I woke up this morning to find only one shirt left, the one that has a button too high that presses right on that place in my throat that is the most gentle. I shaved my face perfectly, and shined my shoes. There was just the right amount of peanut butter to put on my toast. On the way out, I was careless and tripped on her arm. I fell down, turned on the side and grabbed my legs. Waiting to be born again.
Welcome to my garden, my delicious and destitute friend. I've never seen such regretful eyes it gets worse, I won't pretend.
Welcome to my kingdom, there are rules you must obey. But let me tell you a story I'd forgotten 'til this day.
Gentle was her nature, her mind a snowy owl. I wonder if she remembers me or what I'm guarding now.
Magic was her master, loving was her fall. But she did plant one last seed before sacrificing us all.
Cosmic was her landscape, and the ground we walked upon. Until the day she flapped her wings and everything was gone.
Terror was her treatment, desolation and despair. I prayed to join my family instead, her seed is in my care.Read more >
Returning to the earth The bones are all that is ever left Left to blend with ancestral soil Soaked in stories from the past
She was such a dear As gentle as a deer Quick to startle, of nervous disposition The utterance of words, rare Yet stories collected in her sighs
At her stillest when death brushed up beside her We observe the heave of her chest as she struggles for breath And in these final moments of regret We wish we had been brave enough to speak the words that choke us Asked the questions fear stopped us from asking But we never did Mistaking her silence
She was such a dear Tight lipped Yet as gentle as a deer
Now she’ll take her stories to the grave Offering a final sigh to the wind
Lighter times require lighter measures Existential thought by one who treasures Is it an open universe? Will it expand forever or reverse? The garden trees, death they do triumph The spring awakes them from their sleep For the moment the flowers riot For the winter months they have been at peace
Deep thoughts about the years before us And the years that lie ahead Thinking back to twenty years and life before the internet No online occurring FB drama No Instagramatic picture show No tweeting from a forlorn leader And retweets from those in the know
Lighter times and increasing leisure Gardening to some is a pleasure Mud and sticks and old bones Copper coins that lie alone Looking out from a window Wispy white clouds passing by Existential thoughts occur again And what happens when we dieRead more >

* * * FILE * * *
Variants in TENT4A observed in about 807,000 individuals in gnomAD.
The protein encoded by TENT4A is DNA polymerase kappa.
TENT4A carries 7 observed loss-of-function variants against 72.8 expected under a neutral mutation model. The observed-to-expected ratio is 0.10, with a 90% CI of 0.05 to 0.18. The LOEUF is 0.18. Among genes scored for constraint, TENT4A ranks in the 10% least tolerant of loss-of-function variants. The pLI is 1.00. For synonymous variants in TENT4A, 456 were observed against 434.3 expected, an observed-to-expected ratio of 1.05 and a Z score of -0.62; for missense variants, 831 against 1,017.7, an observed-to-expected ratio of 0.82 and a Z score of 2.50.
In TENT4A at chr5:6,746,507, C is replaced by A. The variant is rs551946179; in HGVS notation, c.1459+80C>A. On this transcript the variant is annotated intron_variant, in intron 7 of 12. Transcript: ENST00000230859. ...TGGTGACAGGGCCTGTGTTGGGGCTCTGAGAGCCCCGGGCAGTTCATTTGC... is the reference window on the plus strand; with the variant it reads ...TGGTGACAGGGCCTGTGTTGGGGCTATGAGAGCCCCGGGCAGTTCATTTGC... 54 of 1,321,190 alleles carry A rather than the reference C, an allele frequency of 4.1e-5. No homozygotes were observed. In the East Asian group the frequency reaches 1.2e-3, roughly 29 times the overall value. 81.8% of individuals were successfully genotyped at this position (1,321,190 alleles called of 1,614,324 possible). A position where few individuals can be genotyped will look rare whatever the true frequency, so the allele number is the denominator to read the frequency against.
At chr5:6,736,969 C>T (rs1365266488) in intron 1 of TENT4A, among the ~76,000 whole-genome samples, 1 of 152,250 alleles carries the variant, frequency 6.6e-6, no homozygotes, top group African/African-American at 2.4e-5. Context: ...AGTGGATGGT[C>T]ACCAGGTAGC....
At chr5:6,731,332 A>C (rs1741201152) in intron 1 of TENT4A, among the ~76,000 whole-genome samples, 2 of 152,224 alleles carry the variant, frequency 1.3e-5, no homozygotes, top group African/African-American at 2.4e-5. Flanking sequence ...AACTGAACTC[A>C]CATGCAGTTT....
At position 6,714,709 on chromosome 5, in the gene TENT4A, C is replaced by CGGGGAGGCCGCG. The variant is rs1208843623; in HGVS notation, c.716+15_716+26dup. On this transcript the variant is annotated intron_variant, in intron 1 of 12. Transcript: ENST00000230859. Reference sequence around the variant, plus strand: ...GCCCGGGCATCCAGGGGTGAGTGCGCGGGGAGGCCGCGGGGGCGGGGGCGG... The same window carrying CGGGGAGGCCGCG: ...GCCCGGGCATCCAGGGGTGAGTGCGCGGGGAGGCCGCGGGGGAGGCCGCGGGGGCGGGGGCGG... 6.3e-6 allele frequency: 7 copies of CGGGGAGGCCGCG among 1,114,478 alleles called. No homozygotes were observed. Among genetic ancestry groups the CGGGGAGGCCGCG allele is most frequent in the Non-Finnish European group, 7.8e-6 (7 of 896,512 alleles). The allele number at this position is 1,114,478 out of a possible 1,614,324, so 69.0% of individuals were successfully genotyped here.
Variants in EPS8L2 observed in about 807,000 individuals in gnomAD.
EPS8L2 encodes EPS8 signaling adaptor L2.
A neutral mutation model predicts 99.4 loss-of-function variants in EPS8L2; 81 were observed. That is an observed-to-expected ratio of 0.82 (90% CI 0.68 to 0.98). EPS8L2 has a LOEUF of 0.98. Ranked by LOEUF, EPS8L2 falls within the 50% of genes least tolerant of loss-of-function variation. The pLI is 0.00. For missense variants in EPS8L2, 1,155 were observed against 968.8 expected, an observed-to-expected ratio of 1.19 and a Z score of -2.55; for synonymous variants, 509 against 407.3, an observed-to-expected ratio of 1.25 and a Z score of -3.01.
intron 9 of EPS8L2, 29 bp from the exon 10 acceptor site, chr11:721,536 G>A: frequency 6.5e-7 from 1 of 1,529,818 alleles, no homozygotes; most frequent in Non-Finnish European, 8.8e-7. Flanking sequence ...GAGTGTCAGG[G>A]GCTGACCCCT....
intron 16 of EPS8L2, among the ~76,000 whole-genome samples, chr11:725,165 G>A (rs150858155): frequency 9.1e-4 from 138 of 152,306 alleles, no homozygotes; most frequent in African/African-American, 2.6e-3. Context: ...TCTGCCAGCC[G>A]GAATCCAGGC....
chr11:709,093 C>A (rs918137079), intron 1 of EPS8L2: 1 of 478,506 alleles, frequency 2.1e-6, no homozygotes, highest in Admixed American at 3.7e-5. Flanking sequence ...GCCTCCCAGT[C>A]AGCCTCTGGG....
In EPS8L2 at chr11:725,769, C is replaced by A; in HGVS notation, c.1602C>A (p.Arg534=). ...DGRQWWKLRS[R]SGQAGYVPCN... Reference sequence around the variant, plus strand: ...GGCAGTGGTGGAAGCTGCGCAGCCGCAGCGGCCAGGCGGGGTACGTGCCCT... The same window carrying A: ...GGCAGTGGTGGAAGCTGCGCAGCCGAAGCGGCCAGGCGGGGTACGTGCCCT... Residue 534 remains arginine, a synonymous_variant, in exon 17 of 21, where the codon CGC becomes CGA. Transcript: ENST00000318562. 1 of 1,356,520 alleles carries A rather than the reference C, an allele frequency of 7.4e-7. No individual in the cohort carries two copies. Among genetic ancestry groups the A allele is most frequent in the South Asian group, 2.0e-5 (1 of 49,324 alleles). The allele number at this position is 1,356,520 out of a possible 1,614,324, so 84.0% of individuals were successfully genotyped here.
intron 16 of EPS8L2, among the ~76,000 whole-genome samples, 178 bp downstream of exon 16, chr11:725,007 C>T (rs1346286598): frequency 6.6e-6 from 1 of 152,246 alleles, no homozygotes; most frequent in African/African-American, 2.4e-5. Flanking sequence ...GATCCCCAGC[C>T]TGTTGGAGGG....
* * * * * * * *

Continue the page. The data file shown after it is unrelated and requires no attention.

A discourse by Herne the hunter: there is a burst
of dry fingered twigs through my pelvis where the
genitals were strung. I raise my finger to point to
you – bone, oak wood in utero forms sculpted from
resin. Sitting on a fabricated rock in a daguerreotype
typified by chiaroscuro. Today the west wind is mercury vapourised and
now there is only a stymied textile
darkness – felt covering this flat vivarium:Read more >
I am your mockery trophy, once preyed upon, no longer hunted, moth-eaten, past its prime, mounted to gloat at. Straddling my boulder egg, I am a doe disguised, morphed into a mighty stag, adorned with useless antlers. I bristle at the trunk behind me, laden with life, while my roots grow inwards, crowding out unspent, fleshless spaces in which bare branches defiantly refuse to bud. I carry wild blackthorn in my belly, a warning to the uninitiated: Enter at your own peril. Roots reach upwards, into my hollow ribcage, waiting with bated breath for my heart to hatch.
this is what the truth teller looks like its bones provide complete transparency — the birth of its successor in the womb of a tree
will come round at last no longer hidden — although its future is immanent nobody can speak of an eminence in the present tense
the head of a stag or a bull has import nods unsteadily in time the bone forefinger that wags with a faster tempo
it all makes time in black and white invades then ignores the narrative throws out the narrative as a bad innovation
scores out words as they approach marks the picture with straight lines — the story of the Minotaur was once told
it was told as a truth the truth teller no longer tells — the result is this last one its frivolity a finality that sits — cannot run